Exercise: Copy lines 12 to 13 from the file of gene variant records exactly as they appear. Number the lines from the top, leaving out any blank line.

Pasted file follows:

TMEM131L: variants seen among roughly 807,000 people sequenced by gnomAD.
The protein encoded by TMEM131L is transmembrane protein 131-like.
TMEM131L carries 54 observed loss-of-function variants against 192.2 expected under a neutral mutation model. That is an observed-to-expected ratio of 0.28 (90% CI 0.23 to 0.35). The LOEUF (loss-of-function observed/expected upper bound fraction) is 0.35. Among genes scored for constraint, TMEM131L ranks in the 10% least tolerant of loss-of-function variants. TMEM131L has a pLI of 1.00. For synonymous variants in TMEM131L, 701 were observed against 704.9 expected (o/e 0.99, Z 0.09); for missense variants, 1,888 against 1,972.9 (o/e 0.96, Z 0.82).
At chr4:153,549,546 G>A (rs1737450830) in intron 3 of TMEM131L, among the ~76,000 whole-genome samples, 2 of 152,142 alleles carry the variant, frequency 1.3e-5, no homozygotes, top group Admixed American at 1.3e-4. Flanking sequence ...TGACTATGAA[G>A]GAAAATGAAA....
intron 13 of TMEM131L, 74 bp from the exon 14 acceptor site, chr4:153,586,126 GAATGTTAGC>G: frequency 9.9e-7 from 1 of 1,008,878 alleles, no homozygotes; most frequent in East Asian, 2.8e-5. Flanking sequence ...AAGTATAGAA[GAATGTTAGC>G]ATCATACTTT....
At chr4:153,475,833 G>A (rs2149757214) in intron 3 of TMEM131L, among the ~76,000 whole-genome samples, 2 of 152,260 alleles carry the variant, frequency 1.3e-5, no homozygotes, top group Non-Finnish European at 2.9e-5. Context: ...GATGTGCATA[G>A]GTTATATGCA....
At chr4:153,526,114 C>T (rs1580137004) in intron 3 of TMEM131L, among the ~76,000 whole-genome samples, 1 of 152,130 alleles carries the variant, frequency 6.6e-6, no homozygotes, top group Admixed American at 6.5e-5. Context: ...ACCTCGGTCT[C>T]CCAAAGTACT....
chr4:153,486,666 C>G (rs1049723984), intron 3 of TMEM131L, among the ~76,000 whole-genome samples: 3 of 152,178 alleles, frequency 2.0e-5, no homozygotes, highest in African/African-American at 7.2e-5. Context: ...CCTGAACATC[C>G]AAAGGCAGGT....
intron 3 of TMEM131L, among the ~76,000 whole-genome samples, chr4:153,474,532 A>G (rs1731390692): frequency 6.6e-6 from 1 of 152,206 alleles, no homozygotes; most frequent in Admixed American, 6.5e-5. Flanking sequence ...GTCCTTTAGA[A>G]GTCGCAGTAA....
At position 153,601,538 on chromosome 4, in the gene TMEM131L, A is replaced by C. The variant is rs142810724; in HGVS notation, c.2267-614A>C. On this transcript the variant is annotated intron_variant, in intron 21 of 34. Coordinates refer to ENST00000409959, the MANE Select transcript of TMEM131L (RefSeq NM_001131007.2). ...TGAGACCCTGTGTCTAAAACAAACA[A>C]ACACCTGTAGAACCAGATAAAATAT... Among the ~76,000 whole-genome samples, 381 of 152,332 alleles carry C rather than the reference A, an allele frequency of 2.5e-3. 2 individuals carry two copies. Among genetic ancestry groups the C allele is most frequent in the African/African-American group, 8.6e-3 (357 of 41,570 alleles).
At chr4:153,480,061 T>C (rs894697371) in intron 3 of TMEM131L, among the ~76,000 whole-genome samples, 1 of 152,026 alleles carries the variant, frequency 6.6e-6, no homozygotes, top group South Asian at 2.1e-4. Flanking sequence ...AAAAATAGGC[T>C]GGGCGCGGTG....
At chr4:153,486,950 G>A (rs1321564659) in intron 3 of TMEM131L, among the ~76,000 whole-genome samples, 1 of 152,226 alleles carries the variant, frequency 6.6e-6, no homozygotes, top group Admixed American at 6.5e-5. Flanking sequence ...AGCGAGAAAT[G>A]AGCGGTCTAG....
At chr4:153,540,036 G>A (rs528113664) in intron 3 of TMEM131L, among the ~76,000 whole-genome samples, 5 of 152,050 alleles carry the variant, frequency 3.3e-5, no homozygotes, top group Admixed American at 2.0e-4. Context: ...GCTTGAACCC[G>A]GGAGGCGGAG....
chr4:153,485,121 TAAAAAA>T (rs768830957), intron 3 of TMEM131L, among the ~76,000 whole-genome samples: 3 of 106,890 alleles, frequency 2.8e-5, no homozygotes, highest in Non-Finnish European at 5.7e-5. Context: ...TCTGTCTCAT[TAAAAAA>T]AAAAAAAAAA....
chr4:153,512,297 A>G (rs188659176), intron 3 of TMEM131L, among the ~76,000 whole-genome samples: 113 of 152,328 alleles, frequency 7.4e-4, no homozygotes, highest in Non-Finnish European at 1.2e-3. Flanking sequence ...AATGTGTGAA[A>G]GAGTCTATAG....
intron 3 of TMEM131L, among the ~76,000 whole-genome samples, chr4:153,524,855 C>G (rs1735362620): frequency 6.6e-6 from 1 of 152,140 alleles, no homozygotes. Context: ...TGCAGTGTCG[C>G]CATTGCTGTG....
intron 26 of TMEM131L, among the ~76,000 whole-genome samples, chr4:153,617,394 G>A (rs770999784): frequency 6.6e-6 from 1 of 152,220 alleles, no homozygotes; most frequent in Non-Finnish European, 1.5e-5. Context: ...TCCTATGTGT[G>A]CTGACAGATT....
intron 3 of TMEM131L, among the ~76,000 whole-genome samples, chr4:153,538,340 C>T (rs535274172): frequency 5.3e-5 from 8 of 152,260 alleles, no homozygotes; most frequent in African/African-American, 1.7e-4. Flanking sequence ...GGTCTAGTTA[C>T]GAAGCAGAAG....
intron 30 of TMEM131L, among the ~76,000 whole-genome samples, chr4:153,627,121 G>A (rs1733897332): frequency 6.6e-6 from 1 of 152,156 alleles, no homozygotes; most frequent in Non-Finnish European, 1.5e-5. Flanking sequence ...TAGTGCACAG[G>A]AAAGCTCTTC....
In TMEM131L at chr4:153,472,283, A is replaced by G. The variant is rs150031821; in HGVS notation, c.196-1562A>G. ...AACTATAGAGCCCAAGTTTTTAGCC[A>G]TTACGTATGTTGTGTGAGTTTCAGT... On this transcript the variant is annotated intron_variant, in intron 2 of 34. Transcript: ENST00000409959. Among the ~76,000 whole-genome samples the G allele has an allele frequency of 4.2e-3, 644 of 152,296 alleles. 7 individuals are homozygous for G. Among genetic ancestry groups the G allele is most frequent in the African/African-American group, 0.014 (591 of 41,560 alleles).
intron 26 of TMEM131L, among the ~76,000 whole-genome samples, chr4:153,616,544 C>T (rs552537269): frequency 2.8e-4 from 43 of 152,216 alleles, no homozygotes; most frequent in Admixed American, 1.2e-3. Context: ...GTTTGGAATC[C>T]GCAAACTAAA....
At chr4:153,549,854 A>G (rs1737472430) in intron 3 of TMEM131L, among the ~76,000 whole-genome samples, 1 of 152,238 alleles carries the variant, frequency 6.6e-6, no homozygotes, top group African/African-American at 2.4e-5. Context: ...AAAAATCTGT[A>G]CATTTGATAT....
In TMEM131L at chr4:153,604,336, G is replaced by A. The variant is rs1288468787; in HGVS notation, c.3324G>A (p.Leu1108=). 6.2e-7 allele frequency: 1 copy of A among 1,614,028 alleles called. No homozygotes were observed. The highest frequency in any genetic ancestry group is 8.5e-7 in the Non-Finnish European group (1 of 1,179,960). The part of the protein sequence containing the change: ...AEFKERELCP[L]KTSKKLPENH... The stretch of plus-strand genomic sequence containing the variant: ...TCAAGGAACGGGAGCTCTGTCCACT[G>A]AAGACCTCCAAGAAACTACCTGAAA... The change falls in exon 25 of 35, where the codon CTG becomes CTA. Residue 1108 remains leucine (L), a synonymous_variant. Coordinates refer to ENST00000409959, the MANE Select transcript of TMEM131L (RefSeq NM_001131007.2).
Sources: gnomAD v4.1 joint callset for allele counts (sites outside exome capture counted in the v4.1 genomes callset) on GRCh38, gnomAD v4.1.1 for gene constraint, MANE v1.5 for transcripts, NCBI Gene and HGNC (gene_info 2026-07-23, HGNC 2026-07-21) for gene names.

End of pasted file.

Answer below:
At chr4:153,486,950 G>A (rs1321564659) in intron 3 of TMEM131L, among the ~76,000 whole-genome samples, 1 of 152,226 alleles carries the variant, frequency 6.6e-6, no homozygotes, top group Admixed American at 6.5e-5. Flanking sequence ...AGCGAGAAAT[G>A]AGCGGTCTAG....
At chr4:153,540,036 G>A (rs528113664) in intron 3 of TMEM131L, among the ~76,000 whole-genome samples, 5 of 152,050 alleles carry the variant, frequency 3.3e-5, no homozygotes, top group Admixed American at 2.0e-4. Context: ...GCTTGAACCC[G>A]GGAGGCGGAG....